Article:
Down-slope gliding Patient sitting Operator standing to the side
Assume somatic dysfunction (A-R-T-T) is identified and you wish to use a downward and backward gliding thrust, parallel to the apophysial joint plane, to produce cavitation at C4-5 on the right (see below)
1 Contact point
3 Patient positioning
4 Operator stance
Lateral aspect of the right articular pillar of C4.
Palmar aspect, proximal or middle phalanx of operator's left index or middle finger.
Sitting with the neck in a neutral relaxed position. The neck should not be in any significant amount of flexion or extension.
Stand to the left of the patient, feet spread slightly. Adjust couch height so that you can stand as erect as possible and avoid crouching over the patient as this will limit the technique and restrict delivery of the thrust (Fig. Bl.12.1).
5 Palpation of Place the fingers and palm of your right hand over the left side of the contact point patient's head and neck, gently covering the left ear. Reach in front of the patient with your left hand and palpate the right articular pillar of C4 with the tip of your left index or middle finger. Slowly but firmly slide your applicator along the articular pillar of C4 until it approximates the proximal or middle phalanx. Several sliding pressures may be necessary to establish close approximation to the contact point.
Fixation of contact point
Keep your left index or middle finger firmly pressed upon the contact point while you spread the other fingers and thumb of the left hand to securely support the head, mandible and neck, thereby locking the applicator in position. You must now keep the applicator on the contact point until the technique is complete. The weight of the head and neck is now balanced between your right and left hands, with the cervical spine positioning controlled by the converging pressures of your two hands.
The elbows are held close to or only slightly away from your sides.
(a) Primary leverage. Ensure that the patient's head is securely supported between your two hands. Maintaining all holds and contact points sidebend the head and neck to the right until tension is palpated at the contact point (Fig. B1.12.2). Do not lose contact between your applicator and the articular pillar of C4. Do not force sidebending; take it up fully but carefully. A common mistake is to use insufficient primary leverage of head and neck sidebending.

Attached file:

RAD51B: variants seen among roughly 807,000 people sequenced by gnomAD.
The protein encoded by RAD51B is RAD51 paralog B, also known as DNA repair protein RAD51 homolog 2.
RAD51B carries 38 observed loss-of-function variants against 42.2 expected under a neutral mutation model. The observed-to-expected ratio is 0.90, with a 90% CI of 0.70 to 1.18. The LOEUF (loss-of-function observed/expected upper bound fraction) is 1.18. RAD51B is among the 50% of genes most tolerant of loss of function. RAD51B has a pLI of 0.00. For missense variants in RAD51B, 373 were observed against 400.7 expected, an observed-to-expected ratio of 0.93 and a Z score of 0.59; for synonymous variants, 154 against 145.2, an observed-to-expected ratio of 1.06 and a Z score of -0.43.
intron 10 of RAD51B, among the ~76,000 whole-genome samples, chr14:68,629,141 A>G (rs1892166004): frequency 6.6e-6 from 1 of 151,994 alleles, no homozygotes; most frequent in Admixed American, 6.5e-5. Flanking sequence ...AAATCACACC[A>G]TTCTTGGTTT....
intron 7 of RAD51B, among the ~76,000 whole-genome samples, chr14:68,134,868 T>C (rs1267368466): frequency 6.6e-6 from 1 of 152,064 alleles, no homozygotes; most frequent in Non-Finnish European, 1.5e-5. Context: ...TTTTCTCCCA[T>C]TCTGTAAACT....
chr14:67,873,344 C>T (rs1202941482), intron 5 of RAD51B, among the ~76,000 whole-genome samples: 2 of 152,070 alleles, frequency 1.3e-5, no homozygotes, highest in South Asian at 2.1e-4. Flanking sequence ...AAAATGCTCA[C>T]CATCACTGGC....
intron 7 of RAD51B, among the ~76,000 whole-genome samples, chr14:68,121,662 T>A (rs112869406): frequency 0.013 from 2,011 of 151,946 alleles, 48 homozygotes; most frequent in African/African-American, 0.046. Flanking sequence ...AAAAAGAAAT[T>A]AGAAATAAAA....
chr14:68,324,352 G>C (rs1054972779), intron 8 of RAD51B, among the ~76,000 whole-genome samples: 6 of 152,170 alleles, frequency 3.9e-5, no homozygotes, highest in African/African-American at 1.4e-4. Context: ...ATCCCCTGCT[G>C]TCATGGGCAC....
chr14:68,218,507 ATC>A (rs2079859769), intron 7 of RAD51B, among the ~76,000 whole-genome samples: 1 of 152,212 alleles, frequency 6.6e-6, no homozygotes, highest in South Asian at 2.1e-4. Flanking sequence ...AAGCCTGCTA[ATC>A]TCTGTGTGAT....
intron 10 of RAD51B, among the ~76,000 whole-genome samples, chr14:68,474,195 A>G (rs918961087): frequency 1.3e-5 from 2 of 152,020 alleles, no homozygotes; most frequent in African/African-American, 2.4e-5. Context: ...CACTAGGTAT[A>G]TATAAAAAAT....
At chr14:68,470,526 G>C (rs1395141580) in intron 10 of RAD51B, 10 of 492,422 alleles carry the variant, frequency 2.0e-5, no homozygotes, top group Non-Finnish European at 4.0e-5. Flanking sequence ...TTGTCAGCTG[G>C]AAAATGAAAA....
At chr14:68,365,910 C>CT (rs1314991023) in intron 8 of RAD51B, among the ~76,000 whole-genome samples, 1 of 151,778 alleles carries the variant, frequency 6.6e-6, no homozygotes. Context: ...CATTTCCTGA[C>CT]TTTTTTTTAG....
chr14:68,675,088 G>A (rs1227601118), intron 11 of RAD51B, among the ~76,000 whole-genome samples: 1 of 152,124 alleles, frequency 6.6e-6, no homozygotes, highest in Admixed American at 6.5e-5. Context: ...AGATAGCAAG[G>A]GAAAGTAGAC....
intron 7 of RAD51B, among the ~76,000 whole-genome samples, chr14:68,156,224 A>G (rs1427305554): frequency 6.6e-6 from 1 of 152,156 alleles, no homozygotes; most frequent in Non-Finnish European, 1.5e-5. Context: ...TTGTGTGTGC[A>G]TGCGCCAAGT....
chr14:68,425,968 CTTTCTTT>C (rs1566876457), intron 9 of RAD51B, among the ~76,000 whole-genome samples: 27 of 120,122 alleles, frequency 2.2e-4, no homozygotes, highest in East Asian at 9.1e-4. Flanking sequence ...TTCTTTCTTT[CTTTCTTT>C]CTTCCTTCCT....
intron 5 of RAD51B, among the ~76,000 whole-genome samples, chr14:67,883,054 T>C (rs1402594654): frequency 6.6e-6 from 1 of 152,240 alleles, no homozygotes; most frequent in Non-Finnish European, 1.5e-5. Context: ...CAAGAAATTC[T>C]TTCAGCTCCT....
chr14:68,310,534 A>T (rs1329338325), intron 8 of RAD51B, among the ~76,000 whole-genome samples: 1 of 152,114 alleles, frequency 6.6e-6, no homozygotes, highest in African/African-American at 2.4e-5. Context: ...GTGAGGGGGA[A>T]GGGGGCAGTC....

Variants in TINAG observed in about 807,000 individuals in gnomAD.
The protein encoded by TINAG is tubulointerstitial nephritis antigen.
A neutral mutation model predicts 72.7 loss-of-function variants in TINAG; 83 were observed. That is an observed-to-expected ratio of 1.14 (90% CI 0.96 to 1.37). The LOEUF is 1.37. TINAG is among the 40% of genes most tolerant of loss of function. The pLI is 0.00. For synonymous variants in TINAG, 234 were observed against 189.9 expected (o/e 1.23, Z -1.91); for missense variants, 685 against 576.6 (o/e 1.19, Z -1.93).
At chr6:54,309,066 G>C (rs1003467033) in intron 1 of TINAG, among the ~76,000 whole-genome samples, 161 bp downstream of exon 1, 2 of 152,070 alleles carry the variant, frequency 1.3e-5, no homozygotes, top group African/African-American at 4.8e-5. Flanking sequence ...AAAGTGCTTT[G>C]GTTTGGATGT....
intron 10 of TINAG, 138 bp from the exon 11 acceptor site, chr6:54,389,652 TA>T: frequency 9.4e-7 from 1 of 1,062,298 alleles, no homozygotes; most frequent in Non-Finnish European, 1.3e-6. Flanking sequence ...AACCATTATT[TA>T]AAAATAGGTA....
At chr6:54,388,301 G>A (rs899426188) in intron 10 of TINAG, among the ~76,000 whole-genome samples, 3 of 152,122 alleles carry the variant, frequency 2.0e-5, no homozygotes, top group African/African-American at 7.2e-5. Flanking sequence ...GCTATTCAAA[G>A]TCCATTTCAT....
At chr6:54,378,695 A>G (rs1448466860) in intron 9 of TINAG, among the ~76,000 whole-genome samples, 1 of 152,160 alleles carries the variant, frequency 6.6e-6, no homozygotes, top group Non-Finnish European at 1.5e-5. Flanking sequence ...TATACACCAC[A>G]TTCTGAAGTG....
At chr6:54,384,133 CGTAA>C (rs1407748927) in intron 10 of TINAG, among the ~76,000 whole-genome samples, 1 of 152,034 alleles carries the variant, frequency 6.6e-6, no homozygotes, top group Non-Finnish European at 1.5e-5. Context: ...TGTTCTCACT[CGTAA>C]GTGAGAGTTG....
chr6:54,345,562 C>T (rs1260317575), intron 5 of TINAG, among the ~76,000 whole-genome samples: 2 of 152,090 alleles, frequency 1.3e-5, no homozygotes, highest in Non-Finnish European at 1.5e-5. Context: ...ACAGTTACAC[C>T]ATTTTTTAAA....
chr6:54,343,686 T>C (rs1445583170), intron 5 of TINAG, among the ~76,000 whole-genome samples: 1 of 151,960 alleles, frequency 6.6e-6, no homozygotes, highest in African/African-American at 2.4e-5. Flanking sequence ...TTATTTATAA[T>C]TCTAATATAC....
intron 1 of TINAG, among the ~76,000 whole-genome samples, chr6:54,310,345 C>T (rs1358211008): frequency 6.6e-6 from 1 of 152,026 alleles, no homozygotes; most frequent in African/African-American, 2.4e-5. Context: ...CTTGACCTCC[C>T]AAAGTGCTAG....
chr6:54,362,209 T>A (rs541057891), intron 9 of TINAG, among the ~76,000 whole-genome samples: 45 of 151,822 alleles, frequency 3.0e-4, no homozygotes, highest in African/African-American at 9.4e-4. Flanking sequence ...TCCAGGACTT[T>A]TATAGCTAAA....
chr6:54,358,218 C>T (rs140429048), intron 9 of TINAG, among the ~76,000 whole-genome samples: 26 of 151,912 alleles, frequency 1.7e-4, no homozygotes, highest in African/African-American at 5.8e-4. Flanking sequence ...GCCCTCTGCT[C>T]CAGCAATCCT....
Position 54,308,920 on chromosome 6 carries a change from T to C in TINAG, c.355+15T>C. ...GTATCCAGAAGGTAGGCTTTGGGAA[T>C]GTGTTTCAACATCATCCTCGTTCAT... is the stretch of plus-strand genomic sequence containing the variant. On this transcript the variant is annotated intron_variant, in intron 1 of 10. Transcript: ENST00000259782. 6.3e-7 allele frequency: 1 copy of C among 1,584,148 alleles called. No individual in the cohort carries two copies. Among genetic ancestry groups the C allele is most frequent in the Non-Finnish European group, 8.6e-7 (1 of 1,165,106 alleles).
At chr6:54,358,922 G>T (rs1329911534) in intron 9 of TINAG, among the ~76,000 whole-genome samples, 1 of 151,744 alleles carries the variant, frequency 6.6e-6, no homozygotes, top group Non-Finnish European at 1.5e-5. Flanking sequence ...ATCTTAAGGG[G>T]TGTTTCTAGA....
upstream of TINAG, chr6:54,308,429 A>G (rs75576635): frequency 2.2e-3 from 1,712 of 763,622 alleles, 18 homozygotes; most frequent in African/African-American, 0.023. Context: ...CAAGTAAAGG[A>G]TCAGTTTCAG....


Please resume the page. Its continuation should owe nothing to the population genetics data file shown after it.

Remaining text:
(b) Secondary leverage. Add a very small degree of rotation to the left, down to and including C4. Slight movements of the operator's hands and arms introduce the rotation.
8 Adjustments to achieve appropriate pre-thrust tension
9 Immediately pre-thrust
Ensure your patient remains relaxed. It is important to keep your elbows close to your sides. Maintaining all holds, make any necessary changes in flexion, extension, sidebending or rotation until you can sense a state of appropriate tension and leverage. The patient should not be aware of any pain or discomfort.
Relax and adjust your balance as necessary. Keep your head up; looking down impedes the thrust and can cause embarrassing proximity to the patient. An effective HVLA technique is best achieved if both the operator and patient are relaxed and not holding themselves rigid. This is a common impediment to achieving effective cavitation.
Apply a HVLA thrust to the right articular pillar of C4. The thrust is caudad and towards the patient's left shoulder, parallel to the apophysial joint plane (Fig. Bl.12.3). Simultaneously, appiy a slight, rapid increase of sidebending to the right but do not increase rotation leverage. This is a HVLA 'flick' type thrust. Coordination between the left and right hands and arms is critical.
The thrust, although very rapid, must never be excessively forcible. The aim should be to use the absolute minimum of force necessary to achieve joint cavitation. A common fault arises from the use of excessive amplitude with insufficient velocity of thrust.
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